We dodged that bullet but now we're heading to a world where facebook.com plus a small few other sites are the internet.
If that were true, there would be no point in search. Yes there are a few that are very popular, but their relative popularity doesn't come at the expense of the very long tail.
I love Lennart Poettering's response:
It's really appalling how GNOME first NIH'ed Unity, and then the Wayland guys came and NIH'ed Mir, and then the git guys came and NIH'ed bzr, and then the github guys and came and NIH'ed launchpad. But the systemd guys are still the worst, NIH'ing Upstart! Such suckers! Let's stand together against NIH'ing Canonical technology!
NIH is only a problem if you "invent" something inferior to what's already there. And really, NIH is an intellectual weak argument that someone uses when they lack the stones to make an argument based on metrics that are actually meaningful. Lennart is actually very clear on the technical reasons why he chose to create systemd even if Mark wants to remain ignorant of them.
Also, we'll know that Mark as actually done his homework when he learns the proper capitalization of systemd. Come on Mark, at least read the fucking cover page and FAQ.
RC1's significance is that marks the end of the merge window. It means that large chunk of features have made it in which is interesting. It also marks the start of the testing phase, which we want a lot of participation in. There are a lot of reasons why RC1 is interesting and noteworthy.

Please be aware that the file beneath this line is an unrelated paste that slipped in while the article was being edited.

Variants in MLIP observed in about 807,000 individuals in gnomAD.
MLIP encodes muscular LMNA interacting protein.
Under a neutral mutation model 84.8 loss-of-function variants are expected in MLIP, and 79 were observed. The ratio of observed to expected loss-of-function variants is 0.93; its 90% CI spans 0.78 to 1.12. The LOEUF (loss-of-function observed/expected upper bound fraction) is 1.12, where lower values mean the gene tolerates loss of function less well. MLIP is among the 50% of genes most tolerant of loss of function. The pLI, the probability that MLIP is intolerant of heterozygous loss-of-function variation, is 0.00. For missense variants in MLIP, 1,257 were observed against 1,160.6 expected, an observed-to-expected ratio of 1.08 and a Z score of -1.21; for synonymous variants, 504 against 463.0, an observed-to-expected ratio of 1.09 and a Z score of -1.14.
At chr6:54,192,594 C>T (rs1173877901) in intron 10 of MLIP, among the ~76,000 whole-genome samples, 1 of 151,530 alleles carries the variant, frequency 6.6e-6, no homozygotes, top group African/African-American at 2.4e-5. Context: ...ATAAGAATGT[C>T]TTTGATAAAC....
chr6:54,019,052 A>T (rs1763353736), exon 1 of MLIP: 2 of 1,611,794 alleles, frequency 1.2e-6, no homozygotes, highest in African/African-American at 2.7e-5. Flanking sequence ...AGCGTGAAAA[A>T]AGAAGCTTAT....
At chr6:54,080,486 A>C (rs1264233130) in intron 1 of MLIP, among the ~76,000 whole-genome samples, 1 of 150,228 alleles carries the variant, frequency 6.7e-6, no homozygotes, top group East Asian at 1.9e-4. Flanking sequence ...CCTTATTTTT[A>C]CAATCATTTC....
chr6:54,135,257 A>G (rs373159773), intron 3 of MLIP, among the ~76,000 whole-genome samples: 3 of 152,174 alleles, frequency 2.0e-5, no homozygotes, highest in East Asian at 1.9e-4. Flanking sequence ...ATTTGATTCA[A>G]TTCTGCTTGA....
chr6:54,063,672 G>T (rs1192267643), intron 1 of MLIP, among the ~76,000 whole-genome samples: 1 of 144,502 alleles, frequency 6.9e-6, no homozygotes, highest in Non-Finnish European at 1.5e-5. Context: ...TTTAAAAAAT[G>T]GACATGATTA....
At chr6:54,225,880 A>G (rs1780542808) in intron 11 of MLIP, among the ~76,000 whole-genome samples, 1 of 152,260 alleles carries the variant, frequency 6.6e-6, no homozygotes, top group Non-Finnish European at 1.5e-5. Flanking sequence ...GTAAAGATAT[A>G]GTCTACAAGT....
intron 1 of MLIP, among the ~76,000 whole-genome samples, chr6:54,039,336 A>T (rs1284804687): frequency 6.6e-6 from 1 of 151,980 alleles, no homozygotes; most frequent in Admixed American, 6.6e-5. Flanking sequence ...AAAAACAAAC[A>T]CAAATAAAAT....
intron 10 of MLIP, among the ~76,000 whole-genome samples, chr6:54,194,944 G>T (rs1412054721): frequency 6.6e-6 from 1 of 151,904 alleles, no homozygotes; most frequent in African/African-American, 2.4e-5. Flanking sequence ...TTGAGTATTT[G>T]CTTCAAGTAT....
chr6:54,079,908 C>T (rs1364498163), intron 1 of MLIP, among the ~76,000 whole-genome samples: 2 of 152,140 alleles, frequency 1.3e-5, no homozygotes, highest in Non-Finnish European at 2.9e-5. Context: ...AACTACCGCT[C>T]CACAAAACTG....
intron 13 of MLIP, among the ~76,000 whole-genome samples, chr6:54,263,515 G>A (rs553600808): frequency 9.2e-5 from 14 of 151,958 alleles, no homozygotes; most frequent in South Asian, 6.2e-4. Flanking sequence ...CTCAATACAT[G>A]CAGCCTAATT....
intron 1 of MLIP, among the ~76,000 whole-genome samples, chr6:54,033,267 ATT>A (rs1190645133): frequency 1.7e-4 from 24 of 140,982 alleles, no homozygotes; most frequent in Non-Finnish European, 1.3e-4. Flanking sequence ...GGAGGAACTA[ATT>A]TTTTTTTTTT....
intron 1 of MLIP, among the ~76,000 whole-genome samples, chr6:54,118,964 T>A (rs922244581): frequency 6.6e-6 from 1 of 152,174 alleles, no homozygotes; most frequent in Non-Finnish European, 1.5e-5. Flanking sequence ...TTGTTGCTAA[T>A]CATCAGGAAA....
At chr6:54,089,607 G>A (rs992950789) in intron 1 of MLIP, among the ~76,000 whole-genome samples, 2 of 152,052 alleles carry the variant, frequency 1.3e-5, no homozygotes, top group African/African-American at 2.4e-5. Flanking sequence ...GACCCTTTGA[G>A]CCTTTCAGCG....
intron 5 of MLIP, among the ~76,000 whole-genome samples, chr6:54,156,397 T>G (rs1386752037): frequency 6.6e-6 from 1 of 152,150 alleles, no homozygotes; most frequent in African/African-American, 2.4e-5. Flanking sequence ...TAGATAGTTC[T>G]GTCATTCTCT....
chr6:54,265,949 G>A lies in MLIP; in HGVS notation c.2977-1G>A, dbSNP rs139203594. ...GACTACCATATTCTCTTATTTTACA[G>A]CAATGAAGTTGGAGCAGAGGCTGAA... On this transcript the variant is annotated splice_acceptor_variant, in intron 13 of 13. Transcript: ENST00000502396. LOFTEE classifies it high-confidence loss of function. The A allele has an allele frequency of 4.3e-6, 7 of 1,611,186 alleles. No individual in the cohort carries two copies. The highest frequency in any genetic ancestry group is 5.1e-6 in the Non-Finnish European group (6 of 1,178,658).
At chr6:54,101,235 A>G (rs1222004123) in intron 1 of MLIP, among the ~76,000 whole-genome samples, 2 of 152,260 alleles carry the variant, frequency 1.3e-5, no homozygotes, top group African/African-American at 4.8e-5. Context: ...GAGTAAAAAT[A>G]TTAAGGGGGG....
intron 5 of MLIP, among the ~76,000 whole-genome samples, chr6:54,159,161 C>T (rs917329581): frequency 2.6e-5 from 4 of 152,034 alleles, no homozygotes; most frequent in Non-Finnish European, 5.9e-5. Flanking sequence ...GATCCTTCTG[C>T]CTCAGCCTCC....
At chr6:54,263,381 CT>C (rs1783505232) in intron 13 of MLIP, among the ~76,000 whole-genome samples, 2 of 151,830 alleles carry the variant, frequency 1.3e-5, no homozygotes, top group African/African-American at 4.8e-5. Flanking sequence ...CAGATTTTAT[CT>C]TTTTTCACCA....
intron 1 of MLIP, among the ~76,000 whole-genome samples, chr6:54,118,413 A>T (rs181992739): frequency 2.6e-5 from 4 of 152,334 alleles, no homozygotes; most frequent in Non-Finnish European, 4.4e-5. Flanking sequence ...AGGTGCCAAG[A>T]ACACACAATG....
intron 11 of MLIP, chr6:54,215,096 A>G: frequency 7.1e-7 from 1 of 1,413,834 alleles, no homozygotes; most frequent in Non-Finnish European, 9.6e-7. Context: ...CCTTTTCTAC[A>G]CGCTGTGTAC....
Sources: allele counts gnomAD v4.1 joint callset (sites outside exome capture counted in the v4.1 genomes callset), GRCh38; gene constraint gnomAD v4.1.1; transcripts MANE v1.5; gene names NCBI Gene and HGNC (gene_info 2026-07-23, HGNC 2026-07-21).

My thoughts on other RCs? While they're an important part of the process, they aren't interesting enough to warrant much discussion. Which is why you won't see articles on them.
On the other hand, it would be fun to create and promote articles about the other RCs simply because we now know they're good clickbait for angry nerds in search of something to rage about. Thanks for the tip!
Ubuntu's supposed purpose is to add polish, so one shouldn't expect them to be doing kernel work.
So what the fuck are they doing with Mir? Polishing a turd?
"MS" is not software like "GNU" is. So it doesn't work that way.
MS owns Windows. GNU does not own Linux. So it doesn't work that way either.
The relation that works is that Linux uses GNU therefore it gets GNU in it's name. (If you subscribe to the opinion that you should list accompanying software in its name.)